Rooftop Access title card.jpg

By Theo Moore

 

I’m standing on a rooftop next to a water tower, ready to jump. It’s not the strangest thing I’ve done today. 

Is it petty that there’s part of me hoping this looks as cool in person as it did in my head when I planned this out? Because now that I’m actually up here, and actually have the time to exist in the space, I feel like a fool. Here’s the thing about a dramatic entrance that most people don’t take into account: drama is theater, theater requires timing, and timing takes patience. And patience can give you far too much time to consider the odd directions your life has taken.

Focus on the mission. The mob is bringing something into the city, something other than the usual shipments of drugs, guns, and women. I want to know what. Jimmy Donovan, middle management and logistics for the Falcone Syndicate, seems like a man who has answers. I thought I’d drop in on his regular Friday night visit to the Syndicate’s weekly illicit boxing match. Figured I’d make an entrance when I do.

The wind and the city seem to be having a competition over who can drown who out more. I stare at all those constellations of glowing windows, and wonder what I must look like to someone staring back. Some wackjob with pointy ears, wrapped in a blanket, standing on the edge. A grown man dressed like an overgrown kid on Halloween. I try to hold onto the moment that I came up with this whole scheme. That flash, when I saw my fear made manifest; it felt like fate. An entire mythology revealed in a moment, of who and what I could become. Up here, all these lights, I’m reminded that this city has a hard edge. It’s already seen more than its share of the bizarre. Maybe what I took for a symbol of fate is nothing but some convoluted joke that I’m not yet in on. Maybe none of it means anything at all.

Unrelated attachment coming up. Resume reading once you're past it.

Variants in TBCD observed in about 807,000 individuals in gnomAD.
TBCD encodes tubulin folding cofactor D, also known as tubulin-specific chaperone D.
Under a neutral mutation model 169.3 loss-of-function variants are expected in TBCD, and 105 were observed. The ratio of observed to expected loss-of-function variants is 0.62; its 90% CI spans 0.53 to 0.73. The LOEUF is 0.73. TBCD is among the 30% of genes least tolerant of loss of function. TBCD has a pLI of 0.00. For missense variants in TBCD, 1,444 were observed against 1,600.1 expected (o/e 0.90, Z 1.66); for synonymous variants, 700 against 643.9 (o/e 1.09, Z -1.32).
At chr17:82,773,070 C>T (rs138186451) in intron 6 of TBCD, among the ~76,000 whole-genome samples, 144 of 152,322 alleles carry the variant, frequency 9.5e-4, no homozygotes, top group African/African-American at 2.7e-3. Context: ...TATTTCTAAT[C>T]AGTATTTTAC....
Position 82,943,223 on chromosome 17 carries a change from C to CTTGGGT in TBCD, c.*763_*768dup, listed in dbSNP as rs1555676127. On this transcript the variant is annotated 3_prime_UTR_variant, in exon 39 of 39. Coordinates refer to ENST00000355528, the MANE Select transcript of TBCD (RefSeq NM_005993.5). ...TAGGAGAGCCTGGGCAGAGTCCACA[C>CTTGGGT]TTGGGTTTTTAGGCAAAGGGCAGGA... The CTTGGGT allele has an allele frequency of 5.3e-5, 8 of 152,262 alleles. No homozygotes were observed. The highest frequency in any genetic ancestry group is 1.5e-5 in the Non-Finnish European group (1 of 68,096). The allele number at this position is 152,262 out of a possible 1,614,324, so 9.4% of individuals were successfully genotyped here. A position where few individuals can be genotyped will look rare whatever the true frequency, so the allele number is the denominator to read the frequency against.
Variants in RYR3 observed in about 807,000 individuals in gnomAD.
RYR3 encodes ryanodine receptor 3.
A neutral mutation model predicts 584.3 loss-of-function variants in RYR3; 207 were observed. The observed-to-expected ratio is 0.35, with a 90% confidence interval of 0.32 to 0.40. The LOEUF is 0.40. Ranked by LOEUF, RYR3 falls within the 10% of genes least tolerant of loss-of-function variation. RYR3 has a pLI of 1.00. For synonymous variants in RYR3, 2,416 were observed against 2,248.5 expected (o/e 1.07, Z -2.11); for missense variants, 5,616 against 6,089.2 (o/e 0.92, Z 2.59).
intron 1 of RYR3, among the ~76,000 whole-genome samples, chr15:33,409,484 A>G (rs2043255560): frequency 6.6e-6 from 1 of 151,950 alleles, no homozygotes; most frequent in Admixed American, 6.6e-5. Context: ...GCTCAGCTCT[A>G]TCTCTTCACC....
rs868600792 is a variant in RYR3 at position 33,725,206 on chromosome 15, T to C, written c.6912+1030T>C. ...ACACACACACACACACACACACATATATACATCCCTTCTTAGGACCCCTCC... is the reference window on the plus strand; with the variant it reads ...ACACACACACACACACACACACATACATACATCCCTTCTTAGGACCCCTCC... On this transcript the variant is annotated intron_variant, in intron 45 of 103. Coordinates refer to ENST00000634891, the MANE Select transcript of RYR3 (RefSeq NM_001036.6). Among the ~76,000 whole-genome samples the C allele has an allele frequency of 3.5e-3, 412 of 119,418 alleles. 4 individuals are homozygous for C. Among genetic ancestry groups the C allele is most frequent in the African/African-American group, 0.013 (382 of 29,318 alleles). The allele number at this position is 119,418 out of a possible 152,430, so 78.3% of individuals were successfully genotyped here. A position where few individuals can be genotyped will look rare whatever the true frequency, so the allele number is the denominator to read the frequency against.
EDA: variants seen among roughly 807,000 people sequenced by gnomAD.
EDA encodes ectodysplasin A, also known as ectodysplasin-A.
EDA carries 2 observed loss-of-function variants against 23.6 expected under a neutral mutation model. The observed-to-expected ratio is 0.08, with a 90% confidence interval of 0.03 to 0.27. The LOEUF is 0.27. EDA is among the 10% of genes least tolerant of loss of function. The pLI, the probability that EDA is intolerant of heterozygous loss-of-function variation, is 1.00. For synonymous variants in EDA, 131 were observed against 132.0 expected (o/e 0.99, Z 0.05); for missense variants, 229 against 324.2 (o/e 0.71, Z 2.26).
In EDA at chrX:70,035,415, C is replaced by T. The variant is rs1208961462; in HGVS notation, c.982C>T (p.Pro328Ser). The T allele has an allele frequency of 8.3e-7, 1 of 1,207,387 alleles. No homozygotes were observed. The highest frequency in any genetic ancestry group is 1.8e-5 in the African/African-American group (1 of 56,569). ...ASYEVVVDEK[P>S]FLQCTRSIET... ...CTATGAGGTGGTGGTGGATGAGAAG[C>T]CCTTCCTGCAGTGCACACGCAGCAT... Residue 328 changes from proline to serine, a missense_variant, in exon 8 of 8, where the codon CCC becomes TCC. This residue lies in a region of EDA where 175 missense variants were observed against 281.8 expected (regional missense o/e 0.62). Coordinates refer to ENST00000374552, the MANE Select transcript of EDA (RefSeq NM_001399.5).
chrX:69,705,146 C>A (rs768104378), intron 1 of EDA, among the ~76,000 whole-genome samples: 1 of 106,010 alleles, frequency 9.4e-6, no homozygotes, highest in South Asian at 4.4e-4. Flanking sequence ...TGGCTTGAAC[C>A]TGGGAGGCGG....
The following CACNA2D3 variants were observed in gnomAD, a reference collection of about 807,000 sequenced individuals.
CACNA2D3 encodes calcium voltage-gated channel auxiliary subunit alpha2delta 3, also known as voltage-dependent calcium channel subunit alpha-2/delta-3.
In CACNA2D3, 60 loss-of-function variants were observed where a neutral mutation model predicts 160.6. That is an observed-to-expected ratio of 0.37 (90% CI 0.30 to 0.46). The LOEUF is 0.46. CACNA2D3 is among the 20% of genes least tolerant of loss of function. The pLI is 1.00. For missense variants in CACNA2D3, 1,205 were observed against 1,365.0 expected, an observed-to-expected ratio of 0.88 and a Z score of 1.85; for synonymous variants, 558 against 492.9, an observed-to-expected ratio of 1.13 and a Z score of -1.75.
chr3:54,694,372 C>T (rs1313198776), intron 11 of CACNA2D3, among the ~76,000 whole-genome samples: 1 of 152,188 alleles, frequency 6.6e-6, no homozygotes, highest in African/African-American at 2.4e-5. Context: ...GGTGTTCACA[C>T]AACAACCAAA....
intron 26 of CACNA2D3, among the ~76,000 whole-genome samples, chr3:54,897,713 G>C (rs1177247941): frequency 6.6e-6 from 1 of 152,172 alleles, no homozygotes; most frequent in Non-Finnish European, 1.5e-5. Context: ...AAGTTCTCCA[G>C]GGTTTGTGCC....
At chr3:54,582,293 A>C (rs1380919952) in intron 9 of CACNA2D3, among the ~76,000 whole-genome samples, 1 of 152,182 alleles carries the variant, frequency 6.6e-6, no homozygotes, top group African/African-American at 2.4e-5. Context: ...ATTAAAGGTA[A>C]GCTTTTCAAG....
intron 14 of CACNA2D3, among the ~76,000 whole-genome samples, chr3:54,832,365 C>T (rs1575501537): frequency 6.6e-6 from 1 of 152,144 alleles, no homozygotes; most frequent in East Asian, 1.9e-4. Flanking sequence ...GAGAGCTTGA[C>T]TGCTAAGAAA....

I check the watch on the inside of my wrist. 10:15. He’s late. I shouldn’t be here. I should be at a luxury bar sipping overpriced drinks and hitting on supermodels, except I know myself well enough to know that’d never be the real me, that life is more of a costume than the one I’m wearing now. The only true similarity between us is that we both spend too much money on suits.  

At least mine comes with a better belt. 

What if he’s changing up his routine, skipping the match this week? The starting bells already rang 10 minutes ago. How long do I wait up here? And if he arrives, and I leap, what happens if the line snaps and I shatter my femurs? Will the cape break my fall? Will I be the terror I thought I would be when I came up with this, or just look like a clown? Please let him just be late. I don’t know that I could survive simply walking down from this roof.

Finally, Donovan’s car pulls into the alley. The doors open, his driver gets out, coat bulging from the barely concealed large caliber handgun beneath. The man himself emerges from the back, cocky sharktoothed grin plastered across his face. 

No, the strangest thing I’ve done today is think that my life could be any other way. This is exactly where I’m meant to be. 


I smile back, tense my legs, and jump. I have some questions for him.